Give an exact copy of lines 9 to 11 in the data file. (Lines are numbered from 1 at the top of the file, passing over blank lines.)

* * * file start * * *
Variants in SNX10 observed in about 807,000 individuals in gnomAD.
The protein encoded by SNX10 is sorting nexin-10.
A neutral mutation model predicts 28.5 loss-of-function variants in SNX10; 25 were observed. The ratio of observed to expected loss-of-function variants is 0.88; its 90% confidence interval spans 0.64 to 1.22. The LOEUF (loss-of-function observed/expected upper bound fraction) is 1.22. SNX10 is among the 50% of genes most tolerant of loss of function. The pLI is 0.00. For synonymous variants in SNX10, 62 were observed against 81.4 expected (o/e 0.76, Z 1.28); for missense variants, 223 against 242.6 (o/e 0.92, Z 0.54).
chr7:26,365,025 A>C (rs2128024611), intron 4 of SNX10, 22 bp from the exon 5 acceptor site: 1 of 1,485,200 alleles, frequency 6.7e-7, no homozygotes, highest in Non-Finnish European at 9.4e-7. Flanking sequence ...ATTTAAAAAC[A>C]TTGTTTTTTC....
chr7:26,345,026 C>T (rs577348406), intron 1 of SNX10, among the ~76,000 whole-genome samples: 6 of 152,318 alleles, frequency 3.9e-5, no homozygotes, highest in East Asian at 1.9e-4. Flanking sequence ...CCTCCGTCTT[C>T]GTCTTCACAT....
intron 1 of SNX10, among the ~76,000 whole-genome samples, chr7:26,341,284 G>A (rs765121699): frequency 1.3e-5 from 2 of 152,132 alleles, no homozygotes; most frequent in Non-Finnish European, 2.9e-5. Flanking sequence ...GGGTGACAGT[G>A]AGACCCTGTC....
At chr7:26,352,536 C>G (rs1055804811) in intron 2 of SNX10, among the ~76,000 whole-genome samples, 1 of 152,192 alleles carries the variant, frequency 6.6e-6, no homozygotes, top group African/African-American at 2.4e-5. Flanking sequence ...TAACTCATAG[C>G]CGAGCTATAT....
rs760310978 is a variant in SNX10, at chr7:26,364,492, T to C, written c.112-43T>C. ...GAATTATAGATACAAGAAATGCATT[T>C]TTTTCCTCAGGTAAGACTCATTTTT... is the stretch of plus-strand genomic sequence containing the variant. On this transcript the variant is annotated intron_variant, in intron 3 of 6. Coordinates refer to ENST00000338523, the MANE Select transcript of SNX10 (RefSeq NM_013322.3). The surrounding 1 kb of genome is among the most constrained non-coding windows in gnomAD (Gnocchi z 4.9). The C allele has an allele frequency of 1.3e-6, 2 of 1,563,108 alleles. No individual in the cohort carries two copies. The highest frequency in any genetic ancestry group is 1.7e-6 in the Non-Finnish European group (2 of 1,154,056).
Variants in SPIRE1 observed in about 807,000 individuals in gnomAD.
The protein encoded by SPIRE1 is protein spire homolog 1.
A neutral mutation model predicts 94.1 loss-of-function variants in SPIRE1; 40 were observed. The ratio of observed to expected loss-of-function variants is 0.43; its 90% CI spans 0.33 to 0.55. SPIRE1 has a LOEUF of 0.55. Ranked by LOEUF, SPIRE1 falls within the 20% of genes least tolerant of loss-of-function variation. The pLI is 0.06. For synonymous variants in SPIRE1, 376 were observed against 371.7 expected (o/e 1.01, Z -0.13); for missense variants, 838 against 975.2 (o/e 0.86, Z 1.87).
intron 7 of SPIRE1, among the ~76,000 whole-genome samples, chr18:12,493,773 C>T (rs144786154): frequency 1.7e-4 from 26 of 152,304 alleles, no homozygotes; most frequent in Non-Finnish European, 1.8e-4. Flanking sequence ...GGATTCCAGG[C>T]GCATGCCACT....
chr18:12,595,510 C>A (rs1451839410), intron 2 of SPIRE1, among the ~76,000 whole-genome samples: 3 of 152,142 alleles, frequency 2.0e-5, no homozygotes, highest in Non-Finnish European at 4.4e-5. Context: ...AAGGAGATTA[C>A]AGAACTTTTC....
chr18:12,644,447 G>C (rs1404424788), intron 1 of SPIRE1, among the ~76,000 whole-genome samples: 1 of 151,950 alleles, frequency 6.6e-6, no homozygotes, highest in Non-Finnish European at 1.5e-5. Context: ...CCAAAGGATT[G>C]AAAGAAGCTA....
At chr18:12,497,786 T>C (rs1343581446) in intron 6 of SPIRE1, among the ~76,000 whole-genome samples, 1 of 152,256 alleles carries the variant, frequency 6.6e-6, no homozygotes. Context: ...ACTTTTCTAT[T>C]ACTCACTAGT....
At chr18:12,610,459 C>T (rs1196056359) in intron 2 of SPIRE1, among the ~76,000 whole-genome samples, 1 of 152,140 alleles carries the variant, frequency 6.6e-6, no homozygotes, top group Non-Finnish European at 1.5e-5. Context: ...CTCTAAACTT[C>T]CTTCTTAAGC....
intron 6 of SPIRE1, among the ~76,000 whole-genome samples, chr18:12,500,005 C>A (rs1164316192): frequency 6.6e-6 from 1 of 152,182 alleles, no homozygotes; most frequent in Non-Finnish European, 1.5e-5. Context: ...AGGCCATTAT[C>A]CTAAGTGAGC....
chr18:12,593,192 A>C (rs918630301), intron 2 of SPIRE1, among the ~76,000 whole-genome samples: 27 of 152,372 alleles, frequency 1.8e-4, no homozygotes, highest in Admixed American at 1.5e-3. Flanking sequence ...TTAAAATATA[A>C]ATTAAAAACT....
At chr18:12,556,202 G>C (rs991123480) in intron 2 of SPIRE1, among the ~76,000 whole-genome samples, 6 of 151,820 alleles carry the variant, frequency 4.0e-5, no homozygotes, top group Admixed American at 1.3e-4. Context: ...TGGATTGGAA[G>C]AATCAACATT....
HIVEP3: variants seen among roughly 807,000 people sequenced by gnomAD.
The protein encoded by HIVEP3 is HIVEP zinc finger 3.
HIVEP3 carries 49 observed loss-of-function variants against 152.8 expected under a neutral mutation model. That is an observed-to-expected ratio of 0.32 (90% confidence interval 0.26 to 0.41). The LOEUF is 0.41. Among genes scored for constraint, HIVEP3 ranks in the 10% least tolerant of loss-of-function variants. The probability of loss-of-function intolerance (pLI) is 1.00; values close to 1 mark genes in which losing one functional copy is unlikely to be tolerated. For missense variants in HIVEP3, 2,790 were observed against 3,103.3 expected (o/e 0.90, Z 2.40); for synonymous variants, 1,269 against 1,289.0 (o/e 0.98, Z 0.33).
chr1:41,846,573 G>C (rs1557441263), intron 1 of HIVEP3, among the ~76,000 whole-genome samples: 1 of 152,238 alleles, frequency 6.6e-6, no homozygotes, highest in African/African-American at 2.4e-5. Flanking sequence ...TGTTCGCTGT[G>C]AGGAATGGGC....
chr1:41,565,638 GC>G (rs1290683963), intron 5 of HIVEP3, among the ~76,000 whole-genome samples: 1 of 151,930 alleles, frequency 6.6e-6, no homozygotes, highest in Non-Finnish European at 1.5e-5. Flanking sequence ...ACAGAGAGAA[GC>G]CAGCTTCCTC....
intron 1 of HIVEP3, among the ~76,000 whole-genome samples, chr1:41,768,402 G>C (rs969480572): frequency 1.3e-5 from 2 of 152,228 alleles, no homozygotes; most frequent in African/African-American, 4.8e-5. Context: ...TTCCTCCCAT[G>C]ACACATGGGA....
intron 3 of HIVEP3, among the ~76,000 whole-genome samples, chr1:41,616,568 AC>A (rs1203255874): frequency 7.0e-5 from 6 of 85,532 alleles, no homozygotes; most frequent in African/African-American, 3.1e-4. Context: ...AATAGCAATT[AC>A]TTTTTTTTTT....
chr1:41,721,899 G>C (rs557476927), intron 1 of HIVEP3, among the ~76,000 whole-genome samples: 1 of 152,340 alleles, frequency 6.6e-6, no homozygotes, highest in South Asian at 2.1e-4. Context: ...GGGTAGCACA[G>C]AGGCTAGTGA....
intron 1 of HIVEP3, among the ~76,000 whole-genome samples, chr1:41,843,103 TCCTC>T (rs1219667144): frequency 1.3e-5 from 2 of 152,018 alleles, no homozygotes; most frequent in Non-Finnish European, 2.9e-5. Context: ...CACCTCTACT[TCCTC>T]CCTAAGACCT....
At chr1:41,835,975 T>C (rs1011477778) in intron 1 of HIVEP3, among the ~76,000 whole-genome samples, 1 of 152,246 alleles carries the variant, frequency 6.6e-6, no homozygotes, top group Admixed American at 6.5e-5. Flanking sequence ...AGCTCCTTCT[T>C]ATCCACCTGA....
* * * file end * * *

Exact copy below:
Variants in SPIRE1 observed in about 807,000 individuals in gnomAD.
The protein encoded by SPIRE1 is protein spire homolog 1.
A neutral mutation model predicts 94.1 loss-of-function variants in SPIRE1; 40 were observed. The ratio of observed to expected loss-of-function variants is 0.43; its 90% CI spans 0.33 to 0.55. SPIRE1 has a LOEUF of 0.55. Ranked by LOEUF, SPIRE1 falls within the 20% of genes least tolerant of loss-of-function variation. The pLI is 0.06. For synonymous variants in SPIRE1, 376 were observed against 371.7 expected (o/e 1.01, Z -0.13); for missense variants, 838 against 975.2 (o/e 0.86, Z 1.87).